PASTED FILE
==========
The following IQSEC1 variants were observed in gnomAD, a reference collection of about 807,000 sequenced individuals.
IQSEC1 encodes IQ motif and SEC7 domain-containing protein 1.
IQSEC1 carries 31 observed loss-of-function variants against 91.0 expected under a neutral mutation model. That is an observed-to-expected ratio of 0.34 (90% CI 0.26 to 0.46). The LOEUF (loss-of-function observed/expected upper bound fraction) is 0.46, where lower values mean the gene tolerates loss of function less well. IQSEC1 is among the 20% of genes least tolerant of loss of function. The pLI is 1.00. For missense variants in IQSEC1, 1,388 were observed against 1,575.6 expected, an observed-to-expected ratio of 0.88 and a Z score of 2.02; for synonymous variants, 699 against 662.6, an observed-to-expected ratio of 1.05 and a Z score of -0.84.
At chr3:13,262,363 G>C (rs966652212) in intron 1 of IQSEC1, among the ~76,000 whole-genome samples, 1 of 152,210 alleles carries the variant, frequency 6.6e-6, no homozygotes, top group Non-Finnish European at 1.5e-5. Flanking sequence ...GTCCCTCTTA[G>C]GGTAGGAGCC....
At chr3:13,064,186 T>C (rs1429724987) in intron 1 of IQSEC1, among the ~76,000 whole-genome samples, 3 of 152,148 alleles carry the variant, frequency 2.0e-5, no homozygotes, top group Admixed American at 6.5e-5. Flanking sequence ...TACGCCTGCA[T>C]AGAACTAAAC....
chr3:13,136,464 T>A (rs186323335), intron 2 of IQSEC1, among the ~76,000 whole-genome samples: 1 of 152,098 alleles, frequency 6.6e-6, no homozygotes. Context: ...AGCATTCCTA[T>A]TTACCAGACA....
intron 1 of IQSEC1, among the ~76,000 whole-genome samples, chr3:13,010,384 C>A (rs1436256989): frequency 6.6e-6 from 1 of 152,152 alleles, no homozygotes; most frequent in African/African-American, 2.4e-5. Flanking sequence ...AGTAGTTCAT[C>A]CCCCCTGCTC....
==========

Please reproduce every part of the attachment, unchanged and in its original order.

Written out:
The following IQSEC1 variants were observed in gnomAD, a reference collection of about 807,000 sequenced individuals.
IQSEC1 encodes IQ motif and SEC7 domain-containing protein 1.
IQSEC1 carries 31 observed loss-of-function variants against 91.0 expected under a neutral mutation model. That is an observed-to-expected ratio of 0.34 (90% CI 0.26 to 0.46). The LOEUF (loss-of-function observed/expected upper bound fraction) is 0.46, where lower values mean the gene tolerates loss of function less well. IQSEC1 is among the 20% of genes least tolerant of loss of function. The pLI is 1.00. For missense variants in IQSEC1, 1,388 were observed against 1,575.6 expected, an observed-to-expected ratio of 0.88 and a Z score of 2.02; for synonymous variants, 699 against 662.6, an observed-to-expected ratio of 1.05 and a Z score of -0.84.
At chr3:13,262,363 G>C (rs966652212) in intron 1 of IQSEC1, among the ~76,000 whole-genome samples, 1 of 152,210 alleles carries the variant, frequency 6.6e-6, no homozygotes, top group Non-Finnish European at 1.5e-5. Flanking sequence ...GTCCCTCTTA[G>C]GGTAGGAGCC....
At chr3:13,064,186 T>C (rs1429724987) in intron 1 of IQSEC1, among the ~76,000 whole-genome samples, 3 of 152,148 alleles carry the variant, frequency 2.0e-5, no homozygotes, top group Admixed American at 6.5e-5. Flanking sequence ...TACGCCTGCA[T>C]AGAACTAAAC....
chr3:13,136,464 T>A (rs186323335), intron 2 of IQSEC1, among the ~76,000 whole-genome samples: 1 of 152,098 alleles, frequency 6.6e-6, no homozygotes. Context: ...AGCATTCCTA[T>A]TTACCAGACA....
intron 1 of IQSEC1, among the ~76,000 whole-genome samples, chr3:13,010,384 C>A (rs1436256989): frequency 6.6e-6 from 1 of 152,152 alleles, no homozygotes; most frequent in African/African-American, 2.4e-5. Flanking sequence ...AGTAGTTCAT[C>A]CCCCCTGCTC....